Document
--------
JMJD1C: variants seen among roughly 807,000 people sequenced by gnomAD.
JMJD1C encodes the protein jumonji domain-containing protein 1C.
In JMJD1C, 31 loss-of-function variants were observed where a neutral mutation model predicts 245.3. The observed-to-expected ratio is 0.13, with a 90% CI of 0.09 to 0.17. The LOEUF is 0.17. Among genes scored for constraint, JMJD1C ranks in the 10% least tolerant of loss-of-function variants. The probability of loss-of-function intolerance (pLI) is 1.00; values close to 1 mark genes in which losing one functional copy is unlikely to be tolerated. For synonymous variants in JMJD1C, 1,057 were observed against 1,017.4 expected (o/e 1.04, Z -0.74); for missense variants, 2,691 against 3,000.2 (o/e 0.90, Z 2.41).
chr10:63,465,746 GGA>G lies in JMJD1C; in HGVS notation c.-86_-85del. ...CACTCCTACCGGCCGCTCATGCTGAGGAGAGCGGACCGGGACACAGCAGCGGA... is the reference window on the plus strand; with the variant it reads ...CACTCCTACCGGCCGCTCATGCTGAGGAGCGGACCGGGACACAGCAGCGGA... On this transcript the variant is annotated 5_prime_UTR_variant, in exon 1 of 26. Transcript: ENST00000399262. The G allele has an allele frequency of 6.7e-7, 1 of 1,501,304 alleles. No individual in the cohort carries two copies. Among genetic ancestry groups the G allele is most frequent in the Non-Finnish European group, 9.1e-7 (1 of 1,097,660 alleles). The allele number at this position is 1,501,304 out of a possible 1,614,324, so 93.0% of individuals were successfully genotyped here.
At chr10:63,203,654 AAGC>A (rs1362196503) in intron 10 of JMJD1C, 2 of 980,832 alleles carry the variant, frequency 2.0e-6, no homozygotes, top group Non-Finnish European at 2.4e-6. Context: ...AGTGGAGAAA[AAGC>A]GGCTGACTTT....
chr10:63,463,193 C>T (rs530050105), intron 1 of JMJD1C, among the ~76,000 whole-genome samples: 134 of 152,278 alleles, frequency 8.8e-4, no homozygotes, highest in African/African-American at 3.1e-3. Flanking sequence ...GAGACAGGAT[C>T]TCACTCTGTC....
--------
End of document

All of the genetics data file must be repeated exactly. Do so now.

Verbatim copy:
JMJD1C: variants seen among roughly 807,000 people sequenced by gnomAD.
JMJD1C encodes the protein jumonji domain-containing protein 1C.
In JMJD1C, 31 loss-of-function variants were observed where a neutral mutation model predicts 245.3. The observed-to-expected ratio is 0.13, with a 90% CI of 0.09 to 0.17. The LOEUF is 0.17. Among genes scored for constraint, JMJD1C ranks in the 10% least tolerant of loss-of-function variants. The probability of loss-of-function intolerance (pLI) is 1.00; values close to 1 mark genes in which losing one functional copy is unlikely to be tolerated. For synonymous variants in JMJD1C, 1,057 were observed against 1,017.4 expected (o/e 1.04, Z -0.74); for missense variants, 2,691 against 3,000.2 (o/e 0.90, Z 2.41).
chr10:63,465,746 GGA>G lies in JMJD1C; in HGVS notation c.-86_-85del. ...CACTCCTACCGGCCGCTCATGCTGAGGAGAGCGGACCGGGACACAGCAGCGGA... is the reference window on the plus strand; with the variant it reads ...CACTCCTACCGGCCGCTCATGCTGAGGAGCGGACCGGGACACAGCAGCGGA... On this transcript the variant is annotated 5_prime_UTR_variant, in exon 1 of 26. Transcript: ENST00000399262. The G allele has an allele frequency of 6.7e-7, 1 of 1,501,304 alleles. No individual in the cohort carries two copies. Among genetic ancestry groups the G allele is most frequent in the Non-Finnish European group, 9.1e-7 (1 of 1,097,660 alleles). The allele number at this position is 1,501,304 out of a possible 1,614,324, so 93.0% of individuals were successfully genotyped here.
At chr10:63,203,654 AAGC>A (rs1362196503) in intron 10 of JMJD1C, 2 of 980,832 alleles carry the variant, frequency 2.0e-6, no homozygotes, top group Non-Finnish European at 2.4e-6. Context: ...AGTGGAGAAA[AAGC>A]GGCTGACTTT....
chr10:63,463,193 C>T (rs530050105), intron 1 of JMJD1C, among the ~76,000 whole-genome samples: 134 of 152,278 alleles, frequency 8.8e-4, no homozygotes, highest in African/African-American at 3.1e-3. Flanking sequence ...GAGACAGGAT[C>T]TCACTCTGTC....